The day was wet and chilly, but that did not stop families from enjoying their time at the Bagg Bonanza Farm’s Pumpkin Patch for festivities and pumpkins on Saturday, Oct. 5.

With a $3 entrance price for children, kids were able to participate in indoor activities, barrel train rides and face painting. They were also given a ticket that they could turn in for a pumpkin.

Ultimately, $660 was collected in entrance fees and donated to the Richland-Wilkin Food Pantry, going directly to the Food Backpack Program. Due to the volunteers, donations, and sponsors, 100 percent of proceeds were able to be donated to the Richland Wilkin Food Pantry.

Anna Marohl and Jenny Schmitt co-coordinate the event, celebrating its eighth year. Marohl organizes the volunteers and activities while Schmitt organizes planning, gathering ingredients and cooking food for the kitchen.

Marohl’s husband’s grandmother grew up on the Bagg Farm.

“(That’s) why we do this,” she said. “When I had met him and found out the history of the family being a part of this I thought, ‘Okay, we need to do more events for families and kids.’ As a teacher, I feel like we need more families and kids out here.”

Activities were provided by Marohl, Wyndmere Believers 4-H Club of Richland County and PiKadilly Face Painting.

The 4-H club has typically brought in a petting zoo in the previous years. However, due to low numbers of animals, they instead designed “Minute to Win It” games. The 4-H kids supplied many fun games to choose from, including: Clover Scramble, where kids had to piece together the 4-H four-leaf clover; Marshmallow Shoot, where kids catapulted marshmallows into buckets; and Yank Me, where kids had to stack cup-paper-cup then pull the paper hoping for the cups to stack with on another.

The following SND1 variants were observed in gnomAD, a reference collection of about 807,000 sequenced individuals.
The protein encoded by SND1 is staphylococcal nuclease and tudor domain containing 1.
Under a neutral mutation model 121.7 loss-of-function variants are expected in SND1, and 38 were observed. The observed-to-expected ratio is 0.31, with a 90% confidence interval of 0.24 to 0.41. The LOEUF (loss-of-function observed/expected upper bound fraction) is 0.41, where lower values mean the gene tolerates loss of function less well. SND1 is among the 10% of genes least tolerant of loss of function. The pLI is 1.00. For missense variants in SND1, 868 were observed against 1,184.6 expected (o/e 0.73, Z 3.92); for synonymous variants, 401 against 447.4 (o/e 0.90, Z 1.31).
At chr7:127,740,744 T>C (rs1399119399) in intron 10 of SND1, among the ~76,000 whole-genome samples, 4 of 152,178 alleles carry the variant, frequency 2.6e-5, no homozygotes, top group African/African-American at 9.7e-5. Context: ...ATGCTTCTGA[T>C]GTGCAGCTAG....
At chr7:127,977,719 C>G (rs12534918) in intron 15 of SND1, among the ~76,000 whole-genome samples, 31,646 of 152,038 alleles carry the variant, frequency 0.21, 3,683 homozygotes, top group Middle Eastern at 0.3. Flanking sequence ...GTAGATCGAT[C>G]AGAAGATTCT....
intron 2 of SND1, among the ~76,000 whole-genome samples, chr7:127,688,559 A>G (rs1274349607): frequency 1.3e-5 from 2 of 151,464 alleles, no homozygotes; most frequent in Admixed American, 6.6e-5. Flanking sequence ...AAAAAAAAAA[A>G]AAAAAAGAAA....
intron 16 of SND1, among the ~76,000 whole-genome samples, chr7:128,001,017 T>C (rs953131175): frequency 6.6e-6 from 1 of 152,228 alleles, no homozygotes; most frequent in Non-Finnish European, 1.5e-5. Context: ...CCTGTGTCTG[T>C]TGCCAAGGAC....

Marohl supplied Science Technology Engineering Mathematics (STEM) activities from her classroom. Games were Halloween-themed challenges such as building a bridge for spiders to cross, building a gate to hold pumpkin candies, constructing a catapult to launch miniature pumpkins and launching marshmallows at targets.

A favorite game was the Cupcake Walk. Kids walked around a circle stepping from one number to the next until the music stopped and Gina Quamme, 4-H club member and volunteer, called out numbers for kids to grab cupcakes.

Due to the weather, the pumpkin patch was underwater and so the pumpkins were laid in front of the farm. Diesel students from North Dakota State College of Science volunteered their time to help pick the pumpkins earlier that week. Students also helped with outdoor needs such as directing vehicles for parking on Saturday.

Pumpkins were grown and donated by Doug and Linda Kurac.

“They always do a phenomenal job,” Marohl said.

This event was made possible by volunteers, donors, and sponsors. They include the Wahpeton Fire Department, Red River Communications, SunGold Foods, RowCrop Solutions, Channel, DuPont Pioneer, Bagg Bonanza Farm, Doug and Linda Kuruc, PiKadilly Face Painting, Wyndmere 4-H Club, and the NDSCS diesel students.

The Bagg Bonanza Farm is North Dakota’s only restored bonanza farm. The farm was designated in 2005 as a National Historic Landmark. The farm invites guests to come visit and take a tour, learning about bonanza farm life and past generations.

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